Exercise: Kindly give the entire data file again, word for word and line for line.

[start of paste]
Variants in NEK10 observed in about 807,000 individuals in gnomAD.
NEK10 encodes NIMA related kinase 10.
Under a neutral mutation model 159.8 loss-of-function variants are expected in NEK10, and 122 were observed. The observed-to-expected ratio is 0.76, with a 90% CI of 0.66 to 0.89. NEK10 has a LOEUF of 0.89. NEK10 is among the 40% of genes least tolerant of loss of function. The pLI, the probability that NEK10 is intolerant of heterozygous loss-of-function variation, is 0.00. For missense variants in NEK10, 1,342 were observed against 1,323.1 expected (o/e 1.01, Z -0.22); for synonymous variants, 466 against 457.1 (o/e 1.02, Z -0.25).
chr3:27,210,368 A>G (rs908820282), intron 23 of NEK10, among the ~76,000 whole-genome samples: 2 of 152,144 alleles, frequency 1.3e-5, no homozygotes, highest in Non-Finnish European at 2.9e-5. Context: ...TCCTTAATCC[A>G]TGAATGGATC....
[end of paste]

Variants in NEK10 observed in about 807,000 individuals in gnomAD.
NEK10 encodes NIMA related kinase 10.
Under a neutral mutation model 159.8 loss-of-function variants are expected in NEK10, and 122 were observed. The observed-to-expected ratio is 0.76, with a 90% CI of 0.66 to 0.89. NEK10 has a LOEUF of 0.89. NEK10 is among the 40% of genes least tolerant of loss of function. The pLI, the probability that NEK10 is intolerant of heterozygous loss-of-function variation, is 0.00. For missense variants in NEK10, 1,342 were observed against 1,323.1 expected (o/e 1.01, Z -0.22); for synonymous variants, 466 against 457.1 (o/e 1.02, Z -0.25).
chr3:27,210,368 A>G (rs908820282), intron 23 of NEK10, among the ~76,000 whole-genome samples: 2 of 152,144 alleles, frequency 1.3e-5, no homozygotes, highest in Non-Finnish European at 2.9e-5. Context: ...TCCTTAATCC[A>G]TGAATGGATC....